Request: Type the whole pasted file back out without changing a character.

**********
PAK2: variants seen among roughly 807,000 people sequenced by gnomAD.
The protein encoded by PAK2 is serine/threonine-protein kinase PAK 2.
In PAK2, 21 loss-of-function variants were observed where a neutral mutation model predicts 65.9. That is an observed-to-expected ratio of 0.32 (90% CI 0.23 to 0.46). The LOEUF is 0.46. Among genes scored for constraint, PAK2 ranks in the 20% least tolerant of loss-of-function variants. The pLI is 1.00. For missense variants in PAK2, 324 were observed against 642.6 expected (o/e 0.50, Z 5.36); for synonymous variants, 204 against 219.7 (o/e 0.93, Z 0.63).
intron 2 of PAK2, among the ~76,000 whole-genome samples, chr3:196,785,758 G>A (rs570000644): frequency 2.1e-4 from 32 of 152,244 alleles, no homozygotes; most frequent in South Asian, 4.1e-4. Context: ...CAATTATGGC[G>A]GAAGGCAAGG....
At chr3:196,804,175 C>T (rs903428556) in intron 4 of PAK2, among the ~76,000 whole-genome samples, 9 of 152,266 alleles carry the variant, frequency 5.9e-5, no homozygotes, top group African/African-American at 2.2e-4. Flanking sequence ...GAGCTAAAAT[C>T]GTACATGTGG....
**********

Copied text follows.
PAK2: variants seen among roughly 807,000 people sequenced by gnomAD.
The protein encoded by PAK2 is serine/threonine-protein kinase PAK 2.
In PAK2, 21 loss-of-function variants were observed where a neutral mutation model predicts 65.9. That is an observed-to-expected ratio of 0.32 (90% CI 0.23 to 0.46). The LOEUF is 0.46. Among genes scored for constraint, PAK2 ranks in the 20% least tolerant of loss-of-function variants. The pLI is 1.00. For missense variants in PAK2, 324 were observed against 642.6 expected (o/e 0.50, Z 5.36); for synonymous variants, 204 against 219.7 (o/e 0.93, Z 0.63).
intron 2 of PAK2, among the ~76,000 whole-genome samples, chr3:196,785,758 G>A (rs570000644): frequency 2.1e-4 from 32 of 152,244 alleles, no homozygotes; most frequent in South Asian, 4.1e-4. Context: ...CAATTATGGC[G>A]GAAGGCAAGG....
At chr3:196,804,175 C>T (rs903428556) in intron 4 of PAK2, among the ~76,000 whole-genome samples, 9 of 152,266 alleles carry the variant, frequency 5.9e-5, no homozygotes, top group African/African-American at 2.2e-4. Flanking sequence ...GAGCTAAAAT[C>T]GTACATGTGG....